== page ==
Luke indicated that Jesus said that anyone who wanted to save his life (ὃς γὰρ ἐὰν θέλῃ τὴν ψυχὴν αὐτοῦ σῶσαι), would lose it or have it sent away (ἀπολέσει αὐτήν). Those who lost their life (ὃς δ’ ἂν ἀπολέσῃ τὴν ψυχὴν αὐτοῦ) for the sake of Jesus (ἕνεκεν ἐμοῦ), would save it (οὗτος σώσει αὐτήν). Jesus told his disciples how to save their lives. Something similar can be found in all 3 synoptic gospels. Matthew, chapter 16:25, Mark, chapter 8:35. and here, are almost word for word. Mark indicated that Jesus said that whoever wished, desired, or wanted to save his life, he would lose it. However, anyone who lost their life for the sake of Jesus, or for the sake of the gospel or the good news of Jesus, they would save their lives. This last phrase was not in the other 2 gospel stories. Matthew indicated that Jesus said that whoever wished, desired, or wanted to save their life, they would lose it. However, anyone who lost their life for the sake of Jesus, they would find their life. Is your life lost or saved?
There is no doubt that Jesus taught in Galilee, since this was his home base. Much like Matthew, chapter 4:12, and Mark, chapter 1:14, after his temptations, Luke had Jesus return to Galilee. However, Luke had no mention of the arrest of John, since he had already mentioned that earlier in chapter 3:19-20. John had Jesus also go back to Galilee in chapter 4:3. Luke said that Jesus was filled with the power of the Spirit (ἐν τῇ δυνάμει τοῦ Πνεύματος), a favorite and unique statement by Luke. He said that Jesus returned to Galilee (Καὶ ὑπέστρεψεν ὁ Ἰησοῦς…εἰς τὴν Γαλιλαίαν). Matthew had Jesus going to Galilee, just like his father Joseph had done years earlier. He used a citation from Isaiah to explain why Jesus was in Galilee. Galilee was about 80 miles north of Jerusalem and the Dead Sea area, originally part of the Israelite tribal territories of Issachar, Zebulun, Naphtali, and Asher, the northern tribes. Mark said that Jesus went into Galilee preaching the gospel or good news about God, while the message of Matthew was about the good news of the kingdom of heaven. Luke said that a report (καὶ φήμη) about Jesus (περὶ αὐτοῦ) spread throughout or over (ἐξῆλθεν) all the surrounding countryside (καθ’ ὅλης τῆς περιχώρου), but there was no indication in Luke what the message of Jesus was. Clearly, Jesus was active in Galilee.
This was another of Mark’s summary statements. Luke, chapter 4:44, has something similar, but Luke said that it was Judea and not Galilee. Besides, Luke did not mention anything about casting out demons. Matthew, chapter 4:23, is also somewhat similar. Matthew implied that Jesus went all over Galilee, as he was teaching in their synagogues. He said that Jesus was proclaiming the good news or the gospel about the kingdom, without saying whether it was the kingdom of God, the kingdom of heaven, or even an earthly kingdom. Here Mark said that Jesus went throughout the whole of Galilee (καὶ ἦλθεν…εἰς ὅλην τὴν Γαλιλαίαν), as he proclaimed or preached this unspecified message in their synagogues (κηρύσσων εἰς τὰς συναγωγὰς αὐτῶν). The synagogue was a new developing Jewish gathering place that might mean a group or assembly of Jewish people rather than a building, since some places may not have been able to afford a building. At the same time, Jesus was casting out demons (καὶ τὰ δαιμόνια ἐκβάλλων). Mark seemed very intent on emphasizing that Jesus was casting out demons along with his undefined preaching. He gave the impression that this took place all over Galilee without mentioning any particular place.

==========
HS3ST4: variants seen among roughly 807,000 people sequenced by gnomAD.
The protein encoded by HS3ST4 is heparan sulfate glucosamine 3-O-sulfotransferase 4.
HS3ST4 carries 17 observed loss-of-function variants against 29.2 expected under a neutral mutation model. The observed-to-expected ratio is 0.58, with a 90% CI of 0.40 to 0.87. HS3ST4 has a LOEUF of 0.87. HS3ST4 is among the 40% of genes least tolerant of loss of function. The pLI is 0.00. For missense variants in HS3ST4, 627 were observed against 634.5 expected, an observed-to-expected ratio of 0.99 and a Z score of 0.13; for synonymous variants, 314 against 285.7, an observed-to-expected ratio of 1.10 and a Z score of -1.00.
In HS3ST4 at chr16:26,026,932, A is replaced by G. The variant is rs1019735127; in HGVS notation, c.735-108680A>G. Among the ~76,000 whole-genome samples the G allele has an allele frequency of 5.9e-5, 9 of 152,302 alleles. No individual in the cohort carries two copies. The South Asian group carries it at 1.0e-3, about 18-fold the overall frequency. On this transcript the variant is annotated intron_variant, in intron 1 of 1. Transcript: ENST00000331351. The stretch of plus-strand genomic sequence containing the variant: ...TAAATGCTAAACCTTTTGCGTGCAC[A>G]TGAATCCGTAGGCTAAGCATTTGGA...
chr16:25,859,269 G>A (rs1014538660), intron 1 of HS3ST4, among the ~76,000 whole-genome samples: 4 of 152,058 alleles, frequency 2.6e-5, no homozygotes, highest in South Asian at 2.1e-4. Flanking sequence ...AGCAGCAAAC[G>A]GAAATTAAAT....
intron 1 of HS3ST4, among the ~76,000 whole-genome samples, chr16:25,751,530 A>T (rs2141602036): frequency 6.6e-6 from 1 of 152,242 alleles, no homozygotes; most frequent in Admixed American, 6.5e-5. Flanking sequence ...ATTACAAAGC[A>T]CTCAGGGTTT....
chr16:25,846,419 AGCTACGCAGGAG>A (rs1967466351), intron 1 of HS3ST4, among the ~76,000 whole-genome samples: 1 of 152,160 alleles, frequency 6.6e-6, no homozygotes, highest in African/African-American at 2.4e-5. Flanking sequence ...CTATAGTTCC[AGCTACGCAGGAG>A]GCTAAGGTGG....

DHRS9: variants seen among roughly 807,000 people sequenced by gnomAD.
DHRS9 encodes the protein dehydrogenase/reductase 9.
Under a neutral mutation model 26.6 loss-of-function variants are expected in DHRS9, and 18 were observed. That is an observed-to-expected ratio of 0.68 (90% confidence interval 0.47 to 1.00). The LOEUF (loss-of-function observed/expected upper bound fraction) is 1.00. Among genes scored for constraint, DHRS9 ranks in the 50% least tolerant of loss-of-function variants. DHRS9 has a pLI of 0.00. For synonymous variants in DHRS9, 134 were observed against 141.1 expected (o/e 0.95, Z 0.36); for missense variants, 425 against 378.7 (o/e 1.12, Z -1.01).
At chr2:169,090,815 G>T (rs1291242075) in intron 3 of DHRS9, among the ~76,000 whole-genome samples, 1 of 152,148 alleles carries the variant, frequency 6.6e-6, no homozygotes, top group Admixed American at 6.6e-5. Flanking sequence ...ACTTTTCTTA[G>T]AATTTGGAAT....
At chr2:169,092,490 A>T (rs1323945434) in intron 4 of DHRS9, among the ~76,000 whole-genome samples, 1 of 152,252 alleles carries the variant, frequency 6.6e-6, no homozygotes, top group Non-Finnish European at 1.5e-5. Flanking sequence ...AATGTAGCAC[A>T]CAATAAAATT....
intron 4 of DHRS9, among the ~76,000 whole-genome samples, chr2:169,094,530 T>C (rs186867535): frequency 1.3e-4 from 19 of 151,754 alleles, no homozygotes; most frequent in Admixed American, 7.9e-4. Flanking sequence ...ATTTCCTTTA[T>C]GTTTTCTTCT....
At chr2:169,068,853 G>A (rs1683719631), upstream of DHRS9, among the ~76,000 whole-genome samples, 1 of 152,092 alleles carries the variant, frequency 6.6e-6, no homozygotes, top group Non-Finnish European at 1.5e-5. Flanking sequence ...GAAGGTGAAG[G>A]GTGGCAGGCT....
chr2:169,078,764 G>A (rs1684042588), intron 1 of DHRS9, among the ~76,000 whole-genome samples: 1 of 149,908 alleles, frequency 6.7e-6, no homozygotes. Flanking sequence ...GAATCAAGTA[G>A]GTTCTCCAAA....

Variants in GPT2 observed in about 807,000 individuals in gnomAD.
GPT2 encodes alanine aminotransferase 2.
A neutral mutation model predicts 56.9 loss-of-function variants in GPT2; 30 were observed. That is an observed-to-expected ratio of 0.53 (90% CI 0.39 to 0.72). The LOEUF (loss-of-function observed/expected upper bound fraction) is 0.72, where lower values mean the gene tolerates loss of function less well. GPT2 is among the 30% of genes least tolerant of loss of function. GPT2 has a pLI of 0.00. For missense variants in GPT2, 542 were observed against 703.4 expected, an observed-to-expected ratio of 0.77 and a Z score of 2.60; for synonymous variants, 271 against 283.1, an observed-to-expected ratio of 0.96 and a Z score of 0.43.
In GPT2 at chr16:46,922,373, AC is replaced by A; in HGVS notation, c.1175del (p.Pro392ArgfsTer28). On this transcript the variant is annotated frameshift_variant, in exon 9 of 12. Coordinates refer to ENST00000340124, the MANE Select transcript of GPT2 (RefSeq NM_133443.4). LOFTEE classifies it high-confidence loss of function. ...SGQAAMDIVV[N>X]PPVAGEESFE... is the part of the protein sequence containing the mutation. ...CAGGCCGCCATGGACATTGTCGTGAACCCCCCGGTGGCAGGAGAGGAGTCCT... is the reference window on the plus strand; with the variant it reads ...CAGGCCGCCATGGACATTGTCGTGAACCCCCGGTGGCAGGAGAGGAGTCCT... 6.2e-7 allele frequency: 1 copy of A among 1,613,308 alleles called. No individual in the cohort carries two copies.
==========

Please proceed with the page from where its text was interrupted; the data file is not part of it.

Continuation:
This summary statement seems to be unique to Matthew, but not inconsistent with the other gospel stories. This is basically the same as in chapter 4:23-24. However, there is no mention of Galilee here as in chapter 4. Instead Jesus was going through all the towns and villages (Καὶ περιῆγεν ὁ Ἰησοῦς τὰς πόλεις πάσας καὶ τὰς κώμας,) without restricting it only to Galilee. Otherwise, it is almost word for word like the earlier statement. Jesus was teaching in their synagogues (διδάσκων ἐν ταῖς συναγωγαῖς αὐτῶν). However, synagogue might mean a group or assembly of Jewish people rather than a building, since some places may not have been able to afford a building. Matthew said that Jesus was proclaiming the good news or the gospel about the kingdom (καὶ κηρύσσων τὸ εὐαγγέλιον τῆς βασιλείας), without saying whether it was the kingdom of God, the kingdom of heaven, or even an earthly kingdom. Jesus was like a faith healer, healing all diseases and curing people of all their sicknesses and illnesses (καὶ θεραπεύων πᾶσαν νόσον καὶ πᾶσαν μαλακίαν). In other words, he was this itinerant preacher healing people.
The question immediately rises is this about prophets in general, the prophet Isaiah, or the servant of Yahweh? Definitely the Spirit of Yahweh was upon this person. Not only that, but this disciple or prophet of Yahweh has been anointed, either like a priestly or a royal anointing. However, the primary mission is not cultic, but rather social in nature, what we might call social justice. Having been called by the Spirit and anointed by Yahweh, he was sent out. This would imply a time when there was no Temple, basically the exilic time. The generic mission was simple. Bring good news to the oppressed. The good news concept was later adapted by the early followers of Jesus who talked about the good news of the gospel. This basic mission included binding up the broken hearted and freeing prisoners that were clearly exilic problems and terms.